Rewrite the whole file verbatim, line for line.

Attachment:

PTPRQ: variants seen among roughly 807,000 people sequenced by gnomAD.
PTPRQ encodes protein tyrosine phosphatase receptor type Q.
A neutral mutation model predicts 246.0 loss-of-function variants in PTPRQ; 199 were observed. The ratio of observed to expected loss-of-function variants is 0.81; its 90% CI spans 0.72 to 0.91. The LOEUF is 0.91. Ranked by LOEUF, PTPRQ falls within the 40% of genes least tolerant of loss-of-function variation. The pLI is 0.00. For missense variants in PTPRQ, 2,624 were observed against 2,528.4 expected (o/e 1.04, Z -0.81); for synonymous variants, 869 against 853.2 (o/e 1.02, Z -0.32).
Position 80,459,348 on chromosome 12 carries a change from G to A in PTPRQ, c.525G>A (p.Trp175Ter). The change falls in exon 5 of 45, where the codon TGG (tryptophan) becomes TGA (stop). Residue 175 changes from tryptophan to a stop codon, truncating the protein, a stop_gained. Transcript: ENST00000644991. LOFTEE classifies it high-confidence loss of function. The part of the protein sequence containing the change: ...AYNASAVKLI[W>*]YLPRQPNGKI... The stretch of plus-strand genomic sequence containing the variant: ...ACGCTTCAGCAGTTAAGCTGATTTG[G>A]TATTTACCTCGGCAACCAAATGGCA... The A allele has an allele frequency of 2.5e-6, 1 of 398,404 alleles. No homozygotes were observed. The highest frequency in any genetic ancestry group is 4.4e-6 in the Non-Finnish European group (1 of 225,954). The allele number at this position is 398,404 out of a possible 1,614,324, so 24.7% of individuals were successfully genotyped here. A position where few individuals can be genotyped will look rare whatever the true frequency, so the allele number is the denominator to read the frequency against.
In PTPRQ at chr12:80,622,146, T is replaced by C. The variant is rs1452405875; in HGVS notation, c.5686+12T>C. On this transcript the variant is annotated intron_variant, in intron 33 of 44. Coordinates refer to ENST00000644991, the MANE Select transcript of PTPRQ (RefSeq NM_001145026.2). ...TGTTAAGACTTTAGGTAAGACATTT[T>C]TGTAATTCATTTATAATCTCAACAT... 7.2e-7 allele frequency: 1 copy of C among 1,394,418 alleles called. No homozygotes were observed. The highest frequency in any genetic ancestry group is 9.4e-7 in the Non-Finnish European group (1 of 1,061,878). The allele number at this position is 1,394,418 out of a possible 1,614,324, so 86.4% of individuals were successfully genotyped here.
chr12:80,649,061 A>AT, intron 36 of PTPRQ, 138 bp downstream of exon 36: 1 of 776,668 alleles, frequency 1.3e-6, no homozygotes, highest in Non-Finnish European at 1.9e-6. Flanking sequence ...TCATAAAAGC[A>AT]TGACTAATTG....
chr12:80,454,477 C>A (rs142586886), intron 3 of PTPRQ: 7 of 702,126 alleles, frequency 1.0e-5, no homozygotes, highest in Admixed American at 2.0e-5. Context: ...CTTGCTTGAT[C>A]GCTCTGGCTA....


PTPRQ: variants seen among roughly 807,000 people sequenced by gnomAD.
PTPRQ encodes protein tyrosine phosphatase receptor type Q.
A neutral mutation model predicts 246.0 loss-of-function variants in PTPRQ; 199 were observed. The ratio of observed to expected loss-of-function variants is 0.81; its 90% CI spans 0.72 to 0.91. The LOEUF is 0.91. Ranked by LOEUF, PTPRQ falls within the 40% of genes least tolerant of loss-of-function variation. The pLI is 0.00. For missense variants in PTPRQ, 2,624 were observed against 2,528.4 expected (o/e 1.04, Z -0.81); for synonymous variants, 869 against 853.2 (o/e 1.02, Z -0.32).
Position 80,459,348 on chromosome 12 carries a change from G to A in PTPRQ, c.525G>A (p.Trp175Ter). The change falls in exon 5 of 45, where the codon TGG (tryptophan) becomes TGA (stop). Residue 175 changes from tryptophan to a stop codon, truncating the protein, a stop_gained. Transcript: ENST00000644991. LOFTEE classifies it high-confidence loss of function. The part of the protein sequence containing the change: ...AYNASAVKLI[W>*]YLPRQPNGKI... The stretch of plus-strand genomic sequence containing the variant: ...ACGCTTCAGCAGTTAAGCTGATTTG[G>A]TATTTACCTCGGCAACCAAATGGCA... The A allele has an allele frequency of 2.5e-6, 1 of 398,404 alleles. No homozygotes were observed. The highest frequency in any genetic ancestry group is 4.4e-6 in the Non-Finnish European group (1 of 225,954). The allele number at this position is 398,404 out of a possible 1,614,324, so 24.7% of individuals were successfully genotyped here. A position where few individuals can be genotyped will look rare whatever the true frequency, so the allele number is the denominator to read the frequency against.
In PTPRQ at chr12:80,622,146, T is replaced by C. The variant is rs1452405875; in HGVS notation, c.5686+12T>C. On this transcript the variant is annotated intron_variant, in intron 33 of 44. Coordinates refer to ENST00000644991, the MANE Select transcript of PTPRQ (RefSeq NM_001145026.2). ...TGTTAAGACTTTAGGTAAGACATTT[T>C]TGTAATTCATTTATAATCTCAACAT... 7.2e-7 allele frequency: 1 copy of C among 1,394,418 alleles called. No homozygotes were observed. The highest frequency in any genetic ancestry group is 9.4e-7 in the Non-Finnish European group (1 of 1,061,878). The allele number at this position is 1,394,418 out of a possible 1,614,324, so 86.4% of individuals were successfully genotyped here.
chr12:80,649,061 A>AT, intron 36 of PTPRQ, 138 bp downstream of exon 36: 1 of 776,668 alleles, frequency 1.3e-6, no homozygotes, highest in Non-Finnish European at 1.9e-6. Flanking sequence ...TCATAAAAGC[A>AT]TGACTAATTG....
chr12:80,454,477 C>A (rs142586886), intron 3 of PTPRQ: 7 of 702,126 alleles, frequency 1.0e-5, no homozygotes, highest in Admixed American at 2.0e-5. Context: ...CTTGCTTGAT[C>A]GCTCTGGCTA....